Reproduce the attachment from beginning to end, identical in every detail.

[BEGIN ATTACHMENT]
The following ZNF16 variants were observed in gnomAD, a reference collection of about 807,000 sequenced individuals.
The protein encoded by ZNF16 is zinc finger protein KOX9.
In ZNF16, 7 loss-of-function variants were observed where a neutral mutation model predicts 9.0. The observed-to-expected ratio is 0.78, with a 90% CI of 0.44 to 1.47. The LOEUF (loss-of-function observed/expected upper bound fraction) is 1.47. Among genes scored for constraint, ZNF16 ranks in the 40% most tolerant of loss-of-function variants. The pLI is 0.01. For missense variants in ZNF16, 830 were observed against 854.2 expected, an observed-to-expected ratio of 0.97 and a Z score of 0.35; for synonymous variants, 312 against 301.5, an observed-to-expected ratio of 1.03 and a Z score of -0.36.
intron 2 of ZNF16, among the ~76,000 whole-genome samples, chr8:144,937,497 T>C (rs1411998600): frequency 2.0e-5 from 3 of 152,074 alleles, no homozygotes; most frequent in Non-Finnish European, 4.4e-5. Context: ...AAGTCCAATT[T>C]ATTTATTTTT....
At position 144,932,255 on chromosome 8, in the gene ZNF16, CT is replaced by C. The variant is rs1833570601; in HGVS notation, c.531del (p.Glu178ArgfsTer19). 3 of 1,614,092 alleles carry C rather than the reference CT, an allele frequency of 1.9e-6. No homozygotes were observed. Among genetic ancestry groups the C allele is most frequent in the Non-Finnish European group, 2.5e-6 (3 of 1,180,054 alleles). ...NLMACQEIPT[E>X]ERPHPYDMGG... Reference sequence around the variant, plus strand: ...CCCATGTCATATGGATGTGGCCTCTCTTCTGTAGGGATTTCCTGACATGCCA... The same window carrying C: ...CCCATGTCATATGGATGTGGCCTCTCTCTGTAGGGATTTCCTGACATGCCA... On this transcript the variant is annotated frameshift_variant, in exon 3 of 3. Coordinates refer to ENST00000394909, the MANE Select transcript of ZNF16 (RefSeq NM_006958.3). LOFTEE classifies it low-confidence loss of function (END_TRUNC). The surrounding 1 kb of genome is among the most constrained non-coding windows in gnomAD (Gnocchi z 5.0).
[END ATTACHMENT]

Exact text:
The following ZNF16 variants were observed in gnomAD, a reference collection of about 807,000 sequenced individuals.
The protein encoded by ZNF16 is zinc finger protein KOX9.
In ZNF16, 7 loss-of-function variants were observed where a neutral mutation model predicts 9.0. The observed-to-expected ratio is 0.78, with a 90% CI of 0.44 to 1.47. The LOEUF (loss-of-function observed/expected upper bound fraction) is 1.47. Among genes scored for constraint, ZNF16 ranks in the 40% most tolerant of loss-of-function variants. The pLI is 0.01. For missense variants in ZNF16, 830 were observed against 854.2 expected, an observed-to-expected ratio of 0.97 and a Z score of 0.35; for synonymous variants, 312 against 301.5, an observed-to-expected ratio of 1.03 and a Z score of -0.36.
intron 2 of ZNF16, among the ~76,000 whole-genome samples, chr8:144,937,497 T>C (rs1411998600): frequency 2.0e-5 from 3 of 152,074 alleles, no homozygotes; most frequent in Non-Finnish European, 4.4e-5. Context: ...AAGTCCAATT[T>C]ATTTATTTTT....
At position 144,932,255 on chromosome 8, in the gene ZNF16, CT is replaced by C. The variant is rs1833570601; in HGVS notation, c.531del (p.Glu178ArgfsTer19). 3 of 1,614,092 alleles carry C rather than the reference CT, an allele frequency of 1.9e-6. No homozygotes were observed. Among genetic ancestry groups the C allele is most frequent in the Non-Finnish European group, 2.5e-6 (3 of 1,180,054 alleles). ...NLMACQEIPT[E>X]ERPHPYDMGG... Reference sequence around the variant, plus strand: ...CCCATGTCATATGGATGTGGCCTCTCTTCTGTAGGGATTTCCTGACATGCCA... The same window carrying C: ...CCCATGTCATATGGATGTGGCCTCTCTCTGTAGGGATTTCCTGACATGCCA... On this transcript the variant is annotated frameshift_variant, in exon 3 of 3. Coordinates refer to ENST00000394909, the MANE Select transcript of ZNF16 (RefSeq NM_006958.3). LOFTEE classifies it low-confidence loss of function (END_TRUNC). The surrounding 1 kb of genome is among the most constrained non-coding windows in gnomAD (Gnocchi z 5.0).